I scroll the TV. I have Netflix and Showmax and I still have nothing to watch. I sort of feel like those women who have a wardrobe full of clothes yet never have anything to wear. Speaking of which, here she comes flashing a smile, asking me if I want chili in my food. She likes her chili this girl. I don’t like it very much but sometimes I compromise because what is marriage if not compromise? We had taken chili off the menu for a while, we were paranoid there for a second. We thought it was the reason we could not conceive. Ridiculous, I know. “Do whatever you want.” I find myself shouting dismissively and I feel bad immediately. ‘Well done, Charles, just keep pushing the disrespect button and one day she will be sure to leave you.’
To be honest, I’m on edge and the phone call I got from mother didn’t help.
“You know Linda was asking about you.”
“Which Linda?” I asked ignorantly.
“The one you grew up with, the prettiest one in our church choir.”
I know Linda alright, mother has been trying to push her on me for the longest time. Sometimes I wonder what kind of character she has to allow such dirty tricks. I mean, where is her self-respect? Anyway, I told mother I have no time for Linda because I’m a married man and she out-rightly came out and said Linda could give me the children Agatha hasn’t. I hang up and now I’m prickly at the love of my life. Sometimes I look at her and wonder how I got such a jewel. There are days I wake up sweaty afraid she has left me, afraid my trial period with her has ended.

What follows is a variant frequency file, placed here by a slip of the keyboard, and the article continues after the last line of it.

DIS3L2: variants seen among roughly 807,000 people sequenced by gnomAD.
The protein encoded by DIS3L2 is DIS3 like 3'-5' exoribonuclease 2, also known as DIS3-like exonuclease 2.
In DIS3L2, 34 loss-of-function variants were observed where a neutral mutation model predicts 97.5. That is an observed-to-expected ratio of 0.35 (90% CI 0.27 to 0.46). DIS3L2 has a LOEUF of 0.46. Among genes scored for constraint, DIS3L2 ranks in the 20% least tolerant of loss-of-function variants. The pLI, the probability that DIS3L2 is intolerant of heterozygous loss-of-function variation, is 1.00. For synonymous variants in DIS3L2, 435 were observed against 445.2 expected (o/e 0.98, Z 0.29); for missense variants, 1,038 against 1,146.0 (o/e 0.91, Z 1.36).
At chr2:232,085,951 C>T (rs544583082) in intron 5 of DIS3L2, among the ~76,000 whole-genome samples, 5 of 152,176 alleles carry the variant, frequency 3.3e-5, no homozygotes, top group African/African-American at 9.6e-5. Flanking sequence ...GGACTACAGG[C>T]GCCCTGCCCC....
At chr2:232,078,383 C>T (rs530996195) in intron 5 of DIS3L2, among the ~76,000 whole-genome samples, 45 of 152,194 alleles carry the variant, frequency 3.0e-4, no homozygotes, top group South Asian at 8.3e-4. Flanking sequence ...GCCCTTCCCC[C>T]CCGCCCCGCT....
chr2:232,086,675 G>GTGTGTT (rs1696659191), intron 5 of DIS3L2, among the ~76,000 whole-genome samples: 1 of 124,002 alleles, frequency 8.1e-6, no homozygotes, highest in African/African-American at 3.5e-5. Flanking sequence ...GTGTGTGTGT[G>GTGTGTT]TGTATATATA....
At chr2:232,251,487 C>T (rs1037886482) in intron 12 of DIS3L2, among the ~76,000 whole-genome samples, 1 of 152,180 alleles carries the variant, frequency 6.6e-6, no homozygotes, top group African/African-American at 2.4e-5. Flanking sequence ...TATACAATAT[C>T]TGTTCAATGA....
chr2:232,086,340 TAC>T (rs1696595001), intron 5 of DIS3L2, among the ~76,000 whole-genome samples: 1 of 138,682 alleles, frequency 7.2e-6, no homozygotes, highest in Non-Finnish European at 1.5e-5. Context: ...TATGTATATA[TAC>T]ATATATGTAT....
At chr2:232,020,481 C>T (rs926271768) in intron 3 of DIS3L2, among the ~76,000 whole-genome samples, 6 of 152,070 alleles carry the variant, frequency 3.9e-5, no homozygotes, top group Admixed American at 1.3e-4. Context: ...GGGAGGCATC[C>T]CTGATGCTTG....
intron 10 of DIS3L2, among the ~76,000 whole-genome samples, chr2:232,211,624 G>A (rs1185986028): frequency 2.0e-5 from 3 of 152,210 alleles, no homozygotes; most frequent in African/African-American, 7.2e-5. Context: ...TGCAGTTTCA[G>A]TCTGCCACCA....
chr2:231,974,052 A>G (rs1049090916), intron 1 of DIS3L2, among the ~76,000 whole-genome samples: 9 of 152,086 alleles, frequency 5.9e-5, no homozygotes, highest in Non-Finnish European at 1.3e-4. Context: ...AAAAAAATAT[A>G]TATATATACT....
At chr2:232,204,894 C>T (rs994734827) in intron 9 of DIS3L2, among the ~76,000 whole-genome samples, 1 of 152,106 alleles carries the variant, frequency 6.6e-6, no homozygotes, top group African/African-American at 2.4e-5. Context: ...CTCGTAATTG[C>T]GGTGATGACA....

She has never divulged my defect to her kin but then again they are not nosy like mine. They know their place and it’s away from our business. Her parents only seem to be concerned about our happiness. And even if they did ask, Agatha is the type of woman who covers me up in satin when I should be dressed in rags. My drinking, my smoking, my shortcomings, she covers them all up. She shields me the way the ozone layer shields humanity from dangerous sun-rays. She makes me appear a god in the eyes of men. What would I do without this woman? I’d be truly lost, wandering in the sea like a ship without anchor.
Mother doesn’t know that I’m the problem. We’ve gone to the doctors, I have low sperm count. There are foods I have been told to stay away from, chili is not one of them. I can’t smoke my cigarettes or drink my whisky. Just the thought of it makes me crave a stiff drink. I breathe a sigh and flick through movies. They all seem to blur into each other. They all seem to have the same story-line but with slightly different titles. ‘Friends with Benefits’ and ‘No Strings Attached.’ ‘White House Down’ and Olympus Has Fallen.’ I sigh. Are all the producers drinking from the same imbecile cup?
I can’t think properly. Especially now that she’s being threatened. Someone is slandering her with an unknown number. She showed me the texts. One said, ‘BARREN WOMAN, HAHA.’ Another said, ‘You are bewitched, go back to the brothel you came from.’ She’s such a sweet soul, she takes it all in stride and says she can manage but I know it isn’t okay, it hurts her. Last night her pillow had a big patch of water around it, it was not drool.
I confronted mother and my sisters. They all denied it but you could smell the baby fever off them. My big sister was the first one to shout that I should marry a second wife. “Will you feed this second wife I will marry and put a roof over her head?” I asked and she shut her mouth. I don’t know who told this family of mine that they can meddle in my affairs. My small sister, she’s a freshman in college, hasn’t even shed her milk teeth but she was quick to tell me about surrogacy. Then mother came in singing, Linda, Linda, Linda. I can’t even come with Agatha around anymore. They look at her like she’s a disease. Smacking their lips and rolling their eyes as if she owes them a debt.